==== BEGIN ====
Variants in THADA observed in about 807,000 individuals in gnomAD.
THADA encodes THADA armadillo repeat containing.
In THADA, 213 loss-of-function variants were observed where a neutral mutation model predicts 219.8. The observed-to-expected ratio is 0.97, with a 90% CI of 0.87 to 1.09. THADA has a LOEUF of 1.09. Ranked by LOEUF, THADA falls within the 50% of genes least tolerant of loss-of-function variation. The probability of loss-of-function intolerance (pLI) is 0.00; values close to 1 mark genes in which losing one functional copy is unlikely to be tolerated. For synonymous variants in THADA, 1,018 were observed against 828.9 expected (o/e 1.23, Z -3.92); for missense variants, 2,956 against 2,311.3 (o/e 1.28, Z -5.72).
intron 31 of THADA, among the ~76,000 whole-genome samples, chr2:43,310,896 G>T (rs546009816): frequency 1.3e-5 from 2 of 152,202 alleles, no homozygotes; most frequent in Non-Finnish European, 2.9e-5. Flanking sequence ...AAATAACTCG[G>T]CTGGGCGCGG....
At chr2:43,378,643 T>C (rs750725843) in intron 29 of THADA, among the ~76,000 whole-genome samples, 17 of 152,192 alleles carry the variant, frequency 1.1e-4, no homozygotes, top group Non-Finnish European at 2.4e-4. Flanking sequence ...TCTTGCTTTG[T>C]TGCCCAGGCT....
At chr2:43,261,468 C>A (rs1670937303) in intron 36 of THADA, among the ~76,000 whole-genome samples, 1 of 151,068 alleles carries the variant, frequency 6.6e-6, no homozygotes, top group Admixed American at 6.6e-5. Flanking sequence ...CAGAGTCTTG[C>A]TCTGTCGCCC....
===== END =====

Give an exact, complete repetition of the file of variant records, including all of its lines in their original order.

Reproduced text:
Variants in THADA observed in about 807,000 individuals in gnomAD.
THADA encodes THADA armadillo repeat containing.
In THADA, 213 loss-of-function variants were observed where a neutral mutation model predicts 219.8. The observed-to-expected ratio is 0.97, with a 90% CI of 0.87 to 1.09. THADA has a LOEUF of 1.09. Ranked by LOEUF, THADA falls within the 50% of genes least tolerant of loss-of-function variation. The probability of loss-of-function intolerance (pLI) is 0.00; values close to 1 mark genes in which losing one functional copy is unlikely to be tolerated. For synonymous variants in THADA, 1,018 were observed against 828.9 expected (o/e 1.23, Z -3.92); for missense variants, 2,956 against 2,311.3 (o/e 1.28, Z -5.72).
intron 31 of THADA, among the ~76,000 whole-genome samples, chr2:43,310,896 G>T (rs546009816): frequency 1.3e-5 from 2 of 152,202 alleles, no homozygotes; most frequent in Non-Finnish European, 2.9e-5. Flanking sequence ...AAATAACTCG[G>T]CTGGGCGCGG....
At chr2:43,378,643 T>C (rs750725843) in intron 29 of THADA, among the ~76,000 whole-genome samples, 17 of 152,192 alleles carry the variant, frequency 1.1e-4, no homozygotes, top group Non-Finnish European at 2.4e-4. Flanking sequence ...TCTTGCTTTG[T>C]TGCCCAGGCT....
At chr2:43,261,468 C>A (rs1670937303) in intron 36 of THADA, among the ~76,000 whole-genome samples, 1 of 151,068 alleles carries the variant, frequency 6.6e-6, no homozygotes, top group Admixed American at 6.6e-5. Flanking sequence ...CAGAGTCTTG[C>A]TCTGTCGCCC....